On The Row AW24

Fashion Shows Reviews by Andrea Batilla



Pierpaolo Piccioli and his team design clothes. They don’t create endless mood boards to assemble Frankenstein collections made of various pieces; instead, clearly, they conduct a lot of research and then move on to drawing. Today, this approach is not the norm; it’s a rarity. This type of design method, typical of the pre-social media era, is evident in the brand’s consistently evolving results. Valentino looks like Valentino, and although some might think this indicates a lack of creative imagination, it actually signifies a powerful assertion of a unique identity with a style recognizable from miles away. For this collection—black in every detail—Piccioli has stripped down the language he has constructed, not to revert to a minimalism that has nothing to do with the brand, but to bring the essence of design to the forefront and to state that only through drawing can certain expressive levels be achieved.

In this presentation, bodies rather than garments stood out, tracing a journey from the monastic to the nearly nude, focusing—much like the previous collection—on exploring the meanings of eroticism, physicality, and nudity, and how these concepts interface with the world today. Unlike his colleague Vaccarello, for Piccioli, the nude female body represents a laborious point of arrival, not an effortless starting point. Its revelation is troubled, perhaps even painful, but the narrative that emerges is pure, glaring in its clarity. The body mirrors our essence and should be covered or unveiled without fear, shaping the perception others have of us without eliciting judgment or denial, but perhaps only admiration. The ease with which complexity is handled forms Valentino’s strength, a mature, adult concept that demands patience, bravery, and extensive experience.


If you walk around a mall on Saturday, you’ll see groups of fifteen-year-olds in black tracksuits, caps, sneakers, and black glasses. That kind of aesthetic descends directly from the work of Demna, who is simply one of the most relevant designers of his generation, having captured and represented the sense of unease of all the Gen Zs in the world. The problem is that the dream is over, destroyed by a couple of teddy bears dressed in leather and a bunch of conspiracy theorist idiots that many have taken seriously. Balenciaga’s sharp blade of social criticism has lost its keen precision and now launches sword slashes towards the sky that no longer interests anyone. Even though this collection demonstrates how brilliant Demna is in confronting reality, re-reading it, and spitting it back out in new and sensible clothes, his magic touch is no longer there, even if it’s not his fault. The fundamental fact is that it should be understood that talent is an inconvenient and hardly manageable thing, difficult to categorize, and you cannot turn on and off the disturbance coefficient that fills it. This is the real problem with fashion today. Everyone knows that strong personalities lead to significant profits, but at the same time, the distress of dealing with them becomes more palpable and concrete. There’s no definitive answer to this Hamletian dilemma, but it’s essential to acknowledge that fashion mainly thrives on creativity and profound narrative depth. It feels like I’m echoing the same sentiments repeatedly, yet I worry that this notion remains elusive to many.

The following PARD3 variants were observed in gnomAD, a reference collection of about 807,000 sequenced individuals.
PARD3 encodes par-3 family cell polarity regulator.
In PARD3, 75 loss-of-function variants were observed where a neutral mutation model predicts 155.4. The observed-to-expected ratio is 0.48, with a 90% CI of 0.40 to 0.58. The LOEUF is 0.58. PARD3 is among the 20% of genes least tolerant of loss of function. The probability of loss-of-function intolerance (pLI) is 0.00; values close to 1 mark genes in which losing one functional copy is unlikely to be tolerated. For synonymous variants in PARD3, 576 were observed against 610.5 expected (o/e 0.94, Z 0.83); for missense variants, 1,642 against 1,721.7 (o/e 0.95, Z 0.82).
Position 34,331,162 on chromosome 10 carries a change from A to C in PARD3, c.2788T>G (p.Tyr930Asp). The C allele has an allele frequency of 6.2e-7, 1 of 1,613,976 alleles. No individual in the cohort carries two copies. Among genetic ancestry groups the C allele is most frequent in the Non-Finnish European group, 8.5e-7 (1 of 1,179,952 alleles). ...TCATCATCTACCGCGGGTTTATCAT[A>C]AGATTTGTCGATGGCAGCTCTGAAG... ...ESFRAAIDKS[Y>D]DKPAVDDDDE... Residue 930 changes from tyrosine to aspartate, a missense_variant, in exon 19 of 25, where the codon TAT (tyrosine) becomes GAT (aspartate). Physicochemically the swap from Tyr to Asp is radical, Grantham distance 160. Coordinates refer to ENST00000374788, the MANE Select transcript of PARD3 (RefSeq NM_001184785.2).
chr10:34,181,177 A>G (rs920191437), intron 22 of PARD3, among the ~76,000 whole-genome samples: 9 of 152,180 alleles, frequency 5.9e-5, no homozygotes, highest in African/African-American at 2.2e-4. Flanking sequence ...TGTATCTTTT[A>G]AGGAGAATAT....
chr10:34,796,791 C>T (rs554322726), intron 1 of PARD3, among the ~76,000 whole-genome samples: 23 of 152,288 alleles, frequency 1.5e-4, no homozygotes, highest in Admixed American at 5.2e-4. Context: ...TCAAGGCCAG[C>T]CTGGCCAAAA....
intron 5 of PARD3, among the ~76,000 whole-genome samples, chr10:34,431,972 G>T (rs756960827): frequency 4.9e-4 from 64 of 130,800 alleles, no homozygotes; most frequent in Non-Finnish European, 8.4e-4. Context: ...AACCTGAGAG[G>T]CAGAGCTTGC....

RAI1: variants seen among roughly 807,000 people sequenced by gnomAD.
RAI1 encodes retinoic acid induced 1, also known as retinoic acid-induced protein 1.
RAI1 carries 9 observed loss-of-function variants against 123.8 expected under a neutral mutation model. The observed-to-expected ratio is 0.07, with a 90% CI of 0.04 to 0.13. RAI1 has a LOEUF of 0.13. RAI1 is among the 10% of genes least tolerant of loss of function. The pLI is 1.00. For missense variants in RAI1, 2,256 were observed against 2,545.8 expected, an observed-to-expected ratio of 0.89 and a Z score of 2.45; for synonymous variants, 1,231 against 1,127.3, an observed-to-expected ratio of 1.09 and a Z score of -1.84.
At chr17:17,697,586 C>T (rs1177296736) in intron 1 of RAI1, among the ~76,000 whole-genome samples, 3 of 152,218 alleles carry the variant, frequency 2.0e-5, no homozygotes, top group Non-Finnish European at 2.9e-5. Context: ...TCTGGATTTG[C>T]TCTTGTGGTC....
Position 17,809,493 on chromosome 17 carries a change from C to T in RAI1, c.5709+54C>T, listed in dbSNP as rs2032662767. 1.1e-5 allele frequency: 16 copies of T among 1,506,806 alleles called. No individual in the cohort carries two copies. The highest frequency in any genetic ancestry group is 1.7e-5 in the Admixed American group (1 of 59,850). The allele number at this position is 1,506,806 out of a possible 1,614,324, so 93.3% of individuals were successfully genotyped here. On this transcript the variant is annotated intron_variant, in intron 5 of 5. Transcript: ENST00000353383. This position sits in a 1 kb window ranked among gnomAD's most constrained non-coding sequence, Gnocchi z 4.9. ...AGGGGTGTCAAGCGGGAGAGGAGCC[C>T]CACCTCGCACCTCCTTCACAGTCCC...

Seán McGirr, the new creative director of McQueen, comes from the school of J. W. Anderson, someone who builds collections piece by piece and is not really interested in thematic narratives. On the other hand, Lee McQueen thrived on theatre and dramatization; for him, storytelling was essential; every appearance was a character in his fantastic mental movie. This is the only big difference between the two, and if one thinks what the much-criticized McGirr did is not respectful of the brand’s founder, it simply sufficed not to choose him. In reality, the collection, cold, ungrammatical, and hyperrealist, does make sense because, in a still vague way, it speaks of peripheral subjects, of an unsettling aesthetic, and drastically moves away from Sarah Burton’s cocktail dresses for Long Island billionaires, which certainly were very far from McQueen’s thought. Kering should reflect on whether its habit of seeking new unknown designers should not be complemented with a deeper, perhaps more rational reflection. McGirr is talented but has nothing to do with McQueen. This could lead to two things: the failure of the project or the gradual distancing from the brand’s original identity. In both cases, at this moment, the risk seems very high, and I wonder if there’s a need for it or if, instead, the times are ripe to work on a type of continuity that traces the narrative threads of the past and ties them together, instead of cutting them.